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Sea Cloud

August 27, 2020

The first time I ever saw the sailing vessel Flying Cloud it was anchored in a place called Dead Horse Bay just opposite Floyd Bennett airfield in Brooklyn, New York.
Her mast has been unstepped and she was painted Navy gray. For a great sailing yacht, she looked forlorn and humbled. I was very young, probably about 8 years of age and enchanted with sailing vessels from stories my mother told me about her grandfather’s exploits as a clipper ship captain. I had no idea even what kind of ship it was nor did my dad. To find out, my dad pulled his LaSalle off Flatbus
h Avenue to investigate. There was a small boat yard there and he asked an old fisherman about the ship. The fisherman said the vessel had once been a grand yacht and belong to some very rich person but now it belonged to the U.S. Navy and had been anchored there for a long time.
The image of that grand old yacht stuck in my mind until many years later I learned what it was. During WWII many yacht owners lost their yachts, which were sold to the U.S. Navy to be used to patrol the coast. The grey rusting old vessel, he said, was used by the Navy as a weather station and designated IX-99. With the war over, the Navy had no further use for the yachts in the coastal patrol and those that were left were either sold or returned to their owners. The grey ship I saw was the SEA CLOUD.  It was the only private luxury ship of its size still underway at the end of the war. Back in the hands of its owners, she set sail on July 4, 1946.  Joe Davies and wife Marjorie Post along with seven friends set a course for the Florida coast. The yacht had to make do without its masts, but it was now painted brilliant white and the golden eagle once again adorned the bow.
In the summer of 1947, the rigging was re-assembled. In 1949 the SEA CLOUD received a new set of sails, which, even for millionaires, was difficult to get at the end of the war. The reconstruction of the SEA CLOUD took almost four years in total and cost $7.5 million. From the top floor of a Palm Beach hotel, Joe and Marjorie waited anxiously for the return of their rebuilt ship. When at last, she sailed into the view, Joe said to his wife Marjorie, "Well, Dear - there goes your Baby."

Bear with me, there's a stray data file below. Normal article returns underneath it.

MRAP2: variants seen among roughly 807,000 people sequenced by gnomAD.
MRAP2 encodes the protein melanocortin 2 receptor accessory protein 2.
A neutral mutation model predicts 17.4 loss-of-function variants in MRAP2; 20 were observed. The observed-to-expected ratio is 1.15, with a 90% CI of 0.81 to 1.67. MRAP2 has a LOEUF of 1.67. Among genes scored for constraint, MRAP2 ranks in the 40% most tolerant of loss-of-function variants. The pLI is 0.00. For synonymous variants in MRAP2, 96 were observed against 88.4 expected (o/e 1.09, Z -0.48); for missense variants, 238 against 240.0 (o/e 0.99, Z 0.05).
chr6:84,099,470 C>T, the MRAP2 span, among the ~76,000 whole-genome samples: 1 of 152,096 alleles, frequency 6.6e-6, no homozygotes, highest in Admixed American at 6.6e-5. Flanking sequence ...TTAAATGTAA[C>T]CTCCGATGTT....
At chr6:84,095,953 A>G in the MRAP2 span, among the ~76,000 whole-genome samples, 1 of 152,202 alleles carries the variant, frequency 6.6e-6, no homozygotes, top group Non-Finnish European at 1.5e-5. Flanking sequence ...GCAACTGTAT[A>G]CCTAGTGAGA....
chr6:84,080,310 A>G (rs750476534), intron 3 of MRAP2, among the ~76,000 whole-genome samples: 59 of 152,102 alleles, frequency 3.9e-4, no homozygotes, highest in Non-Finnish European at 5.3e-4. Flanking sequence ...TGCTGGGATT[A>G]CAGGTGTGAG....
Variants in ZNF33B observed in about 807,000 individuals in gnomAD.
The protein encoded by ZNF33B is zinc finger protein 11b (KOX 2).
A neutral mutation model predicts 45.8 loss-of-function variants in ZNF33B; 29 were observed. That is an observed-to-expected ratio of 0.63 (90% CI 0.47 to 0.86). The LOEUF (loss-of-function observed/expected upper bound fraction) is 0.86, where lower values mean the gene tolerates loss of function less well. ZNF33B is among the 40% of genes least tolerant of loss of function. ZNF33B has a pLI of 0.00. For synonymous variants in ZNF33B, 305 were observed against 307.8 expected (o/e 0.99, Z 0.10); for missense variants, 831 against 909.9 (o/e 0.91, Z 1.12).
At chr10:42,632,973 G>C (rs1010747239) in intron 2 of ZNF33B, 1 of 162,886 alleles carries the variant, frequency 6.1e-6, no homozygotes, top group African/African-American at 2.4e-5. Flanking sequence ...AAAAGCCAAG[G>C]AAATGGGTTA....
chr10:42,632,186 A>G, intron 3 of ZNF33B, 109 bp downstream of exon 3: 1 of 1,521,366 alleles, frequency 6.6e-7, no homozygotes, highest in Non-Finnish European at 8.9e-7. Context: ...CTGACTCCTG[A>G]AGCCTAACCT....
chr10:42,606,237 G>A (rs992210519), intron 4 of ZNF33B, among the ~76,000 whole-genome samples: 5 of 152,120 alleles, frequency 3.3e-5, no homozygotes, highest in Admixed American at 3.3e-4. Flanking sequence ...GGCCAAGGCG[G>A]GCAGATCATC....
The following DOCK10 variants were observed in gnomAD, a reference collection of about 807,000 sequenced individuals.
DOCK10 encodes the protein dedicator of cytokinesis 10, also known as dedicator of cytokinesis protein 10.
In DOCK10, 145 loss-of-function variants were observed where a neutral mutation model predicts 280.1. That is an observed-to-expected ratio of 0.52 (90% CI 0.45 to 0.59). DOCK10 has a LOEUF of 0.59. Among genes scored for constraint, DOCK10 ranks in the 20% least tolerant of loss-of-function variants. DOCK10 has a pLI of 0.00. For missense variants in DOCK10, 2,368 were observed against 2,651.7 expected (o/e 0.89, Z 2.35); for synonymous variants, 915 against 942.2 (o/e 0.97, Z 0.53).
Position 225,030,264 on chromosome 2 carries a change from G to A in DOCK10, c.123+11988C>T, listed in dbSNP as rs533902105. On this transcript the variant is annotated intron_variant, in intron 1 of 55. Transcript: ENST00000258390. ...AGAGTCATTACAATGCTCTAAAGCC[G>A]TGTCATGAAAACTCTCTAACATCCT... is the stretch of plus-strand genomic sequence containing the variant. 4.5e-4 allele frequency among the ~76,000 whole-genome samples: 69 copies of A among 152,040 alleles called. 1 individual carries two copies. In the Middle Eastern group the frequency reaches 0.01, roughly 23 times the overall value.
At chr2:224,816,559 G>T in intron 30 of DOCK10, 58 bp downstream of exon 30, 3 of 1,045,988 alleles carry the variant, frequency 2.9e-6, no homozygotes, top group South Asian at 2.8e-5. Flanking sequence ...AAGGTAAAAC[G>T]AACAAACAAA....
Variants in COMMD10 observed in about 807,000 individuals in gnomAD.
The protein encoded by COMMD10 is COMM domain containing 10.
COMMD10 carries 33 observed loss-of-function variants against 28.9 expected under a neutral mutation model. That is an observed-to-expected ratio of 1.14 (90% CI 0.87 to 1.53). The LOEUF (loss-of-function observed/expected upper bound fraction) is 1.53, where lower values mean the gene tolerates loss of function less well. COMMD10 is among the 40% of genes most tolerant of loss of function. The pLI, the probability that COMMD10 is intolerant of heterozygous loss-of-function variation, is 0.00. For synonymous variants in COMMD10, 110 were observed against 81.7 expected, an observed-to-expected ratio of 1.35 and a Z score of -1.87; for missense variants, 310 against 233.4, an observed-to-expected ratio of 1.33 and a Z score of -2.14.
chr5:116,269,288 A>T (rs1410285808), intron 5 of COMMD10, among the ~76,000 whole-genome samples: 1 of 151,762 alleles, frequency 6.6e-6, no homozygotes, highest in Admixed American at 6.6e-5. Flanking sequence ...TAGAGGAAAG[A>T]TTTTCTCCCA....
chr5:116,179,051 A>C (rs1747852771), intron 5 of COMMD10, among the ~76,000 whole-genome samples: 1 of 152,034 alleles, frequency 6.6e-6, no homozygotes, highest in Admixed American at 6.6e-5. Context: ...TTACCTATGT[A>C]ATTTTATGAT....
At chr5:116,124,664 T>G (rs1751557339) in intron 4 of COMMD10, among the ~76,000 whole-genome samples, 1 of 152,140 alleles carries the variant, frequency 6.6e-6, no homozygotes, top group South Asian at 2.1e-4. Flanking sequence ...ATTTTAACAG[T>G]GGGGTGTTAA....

The Hussar V, (later renamed SEA CLOUD) was built in 1931 at the Krupp family shipyard in Kiel according to plans of the renowned American contractors Gibbs & Cox. She was christened HUSSAR V. She was a four-masted barque and the largest private sailing yacht of the time. The massive yacht was commissioned by one of Wall Street's wealthiest businessmen, E. F. Hutton. Hutton’s wife Marjorie Merriweather Post, heiress to a huge fortune and herself a successful businesswoman, designed the luxury yacht, with its then black hull, completely according to her liking. She dedicated at least two years almost exclusively to this task. For the purpose of design process, she rented a large warehouse Brooklyn, NY. In the warehouse, she drafted a full-scale diagram of the ship's interior and arranged carefully chosen antiques as they should later be displayed in her own and the six other luxury cabins. The yacht was decorated exactly has her owner planned.